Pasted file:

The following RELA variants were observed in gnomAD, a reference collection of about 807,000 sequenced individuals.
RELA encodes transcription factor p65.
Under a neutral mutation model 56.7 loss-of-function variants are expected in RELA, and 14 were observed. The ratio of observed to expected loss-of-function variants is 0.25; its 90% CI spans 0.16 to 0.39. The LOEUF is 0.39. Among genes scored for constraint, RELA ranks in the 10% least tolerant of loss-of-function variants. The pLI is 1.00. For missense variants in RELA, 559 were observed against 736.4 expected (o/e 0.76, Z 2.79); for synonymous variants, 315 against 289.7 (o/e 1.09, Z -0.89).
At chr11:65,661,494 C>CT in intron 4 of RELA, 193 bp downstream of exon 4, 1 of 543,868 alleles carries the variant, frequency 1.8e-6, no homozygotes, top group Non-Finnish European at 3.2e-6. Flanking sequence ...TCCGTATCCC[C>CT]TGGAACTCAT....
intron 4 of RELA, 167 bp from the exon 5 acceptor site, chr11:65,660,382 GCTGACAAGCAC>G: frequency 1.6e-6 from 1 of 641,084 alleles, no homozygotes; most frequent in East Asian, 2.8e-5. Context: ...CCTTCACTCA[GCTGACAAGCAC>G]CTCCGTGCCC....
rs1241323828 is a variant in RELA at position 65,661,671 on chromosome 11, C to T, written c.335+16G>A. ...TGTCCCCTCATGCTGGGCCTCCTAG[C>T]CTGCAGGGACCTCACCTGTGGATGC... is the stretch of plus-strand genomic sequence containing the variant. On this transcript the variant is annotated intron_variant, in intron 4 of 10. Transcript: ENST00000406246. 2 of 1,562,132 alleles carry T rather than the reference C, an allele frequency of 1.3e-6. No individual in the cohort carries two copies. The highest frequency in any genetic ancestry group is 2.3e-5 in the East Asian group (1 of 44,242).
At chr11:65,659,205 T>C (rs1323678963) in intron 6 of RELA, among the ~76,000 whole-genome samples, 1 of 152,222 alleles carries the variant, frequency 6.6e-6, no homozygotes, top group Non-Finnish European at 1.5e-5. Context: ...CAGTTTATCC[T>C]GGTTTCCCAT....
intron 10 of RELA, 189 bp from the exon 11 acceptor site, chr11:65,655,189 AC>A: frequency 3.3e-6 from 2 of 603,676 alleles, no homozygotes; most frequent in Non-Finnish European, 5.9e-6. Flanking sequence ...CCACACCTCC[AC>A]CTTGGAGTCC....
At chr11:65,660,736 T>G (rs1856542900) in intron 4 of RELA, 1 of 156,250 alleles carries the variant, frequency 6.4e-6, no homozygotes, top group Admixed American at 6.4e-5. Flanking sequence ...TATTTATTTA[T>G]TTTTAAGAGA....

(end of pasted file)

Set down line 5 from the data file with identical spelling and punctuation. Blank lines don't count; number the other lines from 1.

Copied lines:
intron 4 of RELA, 167 bp from the exon 5 acceptor site, chr11:65,660,382 GCTGACAAGCAC>G: frequency 1.6e-6 from 1 of 641,084 alleles, no homozygotes; most frequent in East Asian, 2.8e-5. Context: ...CCTTCACTCA[GCTGACAAGCAC>G]CTCCGTGCCC....